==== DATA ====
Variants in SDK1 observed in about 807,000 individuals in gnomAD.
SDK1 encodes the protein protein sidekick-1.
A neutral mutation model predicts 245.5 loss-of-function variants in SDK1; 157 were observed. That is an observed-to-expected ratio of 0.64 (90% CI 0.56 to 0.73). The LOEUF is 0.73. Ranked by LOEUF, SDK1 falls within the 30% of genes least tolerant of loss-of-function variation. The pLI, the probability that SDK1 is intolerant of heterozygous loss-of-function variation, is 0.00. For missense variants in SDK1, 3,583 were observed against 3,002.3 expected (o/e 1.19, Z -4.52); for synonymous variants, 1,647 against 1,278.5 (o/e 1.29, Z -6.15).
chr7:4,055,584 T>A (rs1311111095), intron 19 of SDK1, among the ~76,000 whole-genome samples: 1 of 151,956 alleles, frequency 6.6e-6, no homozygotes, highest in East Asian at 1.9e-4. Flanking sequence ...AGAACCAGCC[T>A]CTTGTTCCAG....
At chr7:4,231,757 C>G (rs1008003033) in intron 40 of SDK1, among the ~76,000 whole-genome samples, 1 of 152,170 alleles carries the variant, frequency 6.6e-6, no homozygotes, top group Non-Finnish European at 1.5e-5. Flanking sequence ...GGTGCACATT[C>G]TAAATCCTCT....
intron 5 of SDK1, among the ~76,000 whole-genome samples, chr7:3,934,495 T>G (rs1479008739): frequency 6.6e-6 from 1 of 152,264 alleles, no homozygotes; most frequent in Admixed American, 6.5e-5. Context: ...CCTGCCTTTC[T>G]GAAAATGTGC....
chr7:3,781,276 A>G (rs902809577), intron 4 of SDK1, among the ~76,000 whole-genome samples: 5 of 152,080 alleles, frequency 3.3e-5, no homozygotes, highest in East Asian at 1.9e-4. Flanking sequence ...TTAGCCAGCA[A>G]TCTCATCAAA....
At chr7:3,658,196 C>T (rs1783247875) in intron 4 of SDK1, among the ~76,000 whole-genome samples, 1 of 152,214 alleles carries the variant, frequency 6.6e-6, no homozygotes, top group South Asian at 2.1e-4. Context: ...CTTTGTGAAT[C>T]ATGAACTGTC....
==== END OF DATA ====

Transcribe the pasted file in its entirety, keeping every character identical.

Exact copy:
Variants in SDK1 observed in about 807,000 individuals in gnomAD.
SDK1 encodes the protein protein sidekick-1.
A neutral mutation model predicts 245.5 loss-of-function variants in SDK1; 157 were observed. That is an observed-to-expected ratio of 0.64 (90% CI 0.56 to 0.73). The LOEUF is 0.73. Ranked by LOEUF, SDK1 falls within the 30% of genes least tolerant of loss-of-function variation. The pLI, the probability that SDK1 is intolerant of heterozygous loss-of-function variation, is 0.00. For missense variants in SDK1, 3,583 were observed against 3,002.3 expected (o/e 1.19, Z -4.52); for synonymous variants, 1,647 against 1,278.5 (o/e 1.29, Z -6.15).
chr7:4,055,584 T>A (rs1311111095), intron 19 of SDK1, among the ~76,000 whole-genome samples: 1 of 151,956 alleles, frequency 6.6e-6, no homozygotes, highest in East Asian at 1.9e-4. Flanking sequence ...AGAACCAGCC[T>A]CTTGTTCCAG....
At chr7:4,231,757 C>G (rs1008003033) in intron 40 of SDK1, among the ~76,000 whole-genome samples, 1 of 152,170 alleles carries the variant, frequency 6.6e-6, no homozygotes, top group Non-Finnish European at 1.5e-5. Flanking sequence ...GGTGCACATT[C>G]TAAATCCTCT....
intron 5 of SDK1, among the ~76,000 whole-genome samples, chr7:3,934,495 T>G (rs1479008739): frequency 6.6e-6 from 1 of 152,264 alleles, no homozygotes; most frequent in Admixed American, 6.5e-5. Context: ...CCTGCCTTTC[T>G]GAAAATGTGC....
chr7:3,781,276 A>G (rs902809577), intron 4 of SDK1, among the ~76,000 whole-genome samples: 5 of 152,080 alleles, frequency 3.3e-5, no homozygotes, highest in East Asian at 1.9e-4. Flanking sequence ...TTAGCCAGCA[A>G]TCTCATCAAA....
At chr7:3,658,196 C>T (rs1783247875) in intron 4 of SDK1, among the ~76,000 whole-genome samples, 1 of 152,214 alleles carries the variant, frequency 6.6e-6, no homozygotes, top group South Asian at 2.1e-4. Context: ...CTTTGTGAAT[C>T]ATGAACTGTC....